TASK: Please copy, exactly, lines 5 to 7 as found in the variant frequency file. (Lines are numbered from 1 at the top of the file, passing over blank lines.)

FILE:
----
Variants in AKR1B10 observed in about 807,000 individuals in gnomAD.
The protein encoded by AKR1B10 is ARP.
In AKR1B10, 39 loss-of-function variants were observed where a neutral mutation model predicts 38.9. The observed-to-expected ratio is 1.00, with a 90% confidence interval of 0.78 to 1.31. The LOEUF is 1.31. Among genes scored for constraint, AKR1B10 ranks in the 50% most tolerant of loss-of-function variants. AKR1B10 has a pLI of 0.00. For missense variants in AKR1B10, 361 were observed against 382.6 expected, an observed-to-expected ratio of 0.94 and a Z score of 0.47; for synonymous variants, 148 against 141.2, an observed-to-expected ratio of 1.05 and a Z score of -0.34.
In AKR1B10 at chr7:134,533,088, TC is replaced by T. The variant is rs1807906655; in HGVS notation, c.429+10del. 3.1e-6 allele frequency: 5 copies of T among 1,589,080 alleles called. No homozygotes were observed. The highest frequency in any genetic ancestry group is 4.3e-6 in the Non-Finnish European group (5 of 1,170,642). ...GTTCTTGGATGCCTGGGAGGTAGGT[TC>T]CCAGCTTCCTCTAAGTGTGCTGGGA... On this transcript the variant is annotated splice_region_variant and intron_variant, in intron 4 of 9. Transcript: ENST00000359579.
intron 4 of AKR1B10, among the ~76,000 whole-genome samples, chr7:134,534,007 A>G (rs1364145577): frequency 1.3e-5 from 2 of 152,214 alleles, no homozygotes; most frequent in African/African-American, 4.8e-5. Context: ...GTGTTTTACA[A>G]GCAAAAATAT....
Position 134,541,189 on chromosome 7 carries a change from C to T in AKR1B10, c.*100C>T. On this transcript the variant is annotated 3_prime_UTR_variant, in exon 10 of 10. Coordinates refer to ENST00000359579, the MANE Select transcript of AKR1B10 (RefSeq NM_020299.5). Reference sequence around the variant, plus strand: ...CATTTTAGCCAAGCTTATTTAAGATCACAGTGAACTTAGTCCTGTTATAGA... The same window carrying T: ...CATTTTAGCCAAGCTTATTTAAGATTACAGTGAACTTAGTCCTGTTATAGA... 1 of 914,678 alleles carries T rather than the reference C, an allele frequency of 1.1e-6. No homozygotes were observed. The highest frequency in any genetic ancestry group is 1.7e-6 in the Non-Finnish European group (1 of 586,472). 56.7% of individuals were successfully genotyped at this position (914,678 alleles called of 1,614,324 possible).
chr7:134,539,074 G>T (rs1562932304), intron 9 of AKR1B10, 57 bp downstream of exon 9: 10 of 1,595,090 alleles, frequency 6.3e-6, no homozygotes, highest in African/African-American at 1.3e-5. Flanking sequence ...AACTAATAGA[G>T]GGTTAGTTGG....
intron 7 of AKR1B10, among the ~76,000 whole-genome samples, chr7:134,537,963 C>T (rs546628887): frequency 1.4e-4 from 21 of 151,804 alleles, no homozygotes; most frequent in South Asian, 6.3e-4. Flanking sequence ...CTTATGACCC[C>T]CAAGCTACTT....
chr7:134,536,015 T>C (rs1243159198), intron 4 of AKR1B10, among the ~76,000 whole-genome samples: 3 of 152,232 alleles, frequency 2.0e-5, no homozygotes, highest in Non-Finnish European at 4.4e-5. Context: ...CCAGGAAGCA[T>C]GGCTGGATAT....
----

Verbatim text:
intron 4 of AKR1B10, among the ~76,000 whole-genome samples, chr7:134,534,007 A>G (rs1364145577): frequency 1.3e-5 from 2 of 152,214 alleles, no homozygotes; most frequent in African/African-American, 4.8e-5. Context: ...GTGTTTTACA[A>G]GCAAAAATAT....
Position 134,541,189 on chromosome 7 carries a change from C to T in AKR1B10, c.*100C>T. On this transcript the variant is annotated 3_prime_UTR_variant, in exon 10 of 10. Coordinates refer to ENST00000359579, the MANE Select transcript of AKR1B10 (RefSeq NM_020299.5). Reference sequence around the variant, plus strand: ...CATTTTAGCCAAGCTTATTTAAGATCACAGTGAACTTAGTCCTGTTATAGA... The same window carrying T: ...CATTTTAGCCAAGCTTATTTAAGATTACAGTGAACTTAGTCCTGTTATAGA... 1 of 914,678 alleles carries T rather than the reference C, an allele frequency of 1.1e-6. No homozygotes were observed. The highest frequency in any genetic ancestry group is 1.7e-6 in the Non-Finnish European group (1 of 586,472). 56.7% of individuals were successfully genotyped at this position (914,678 alleles called of 1,614,324 possible).
chr7:134,539,074 G>T (rs1562932304), intron 9 of AKR1B10, 57 bp downstream of exon 9: 10 of 1,595,090 alleles, frequency 6.3e-6, no homozygotes, highest in African/African-American at 1.3e-5. Flanking sequence ...AACTAATAGA[G>T]GGTTAGTTGG....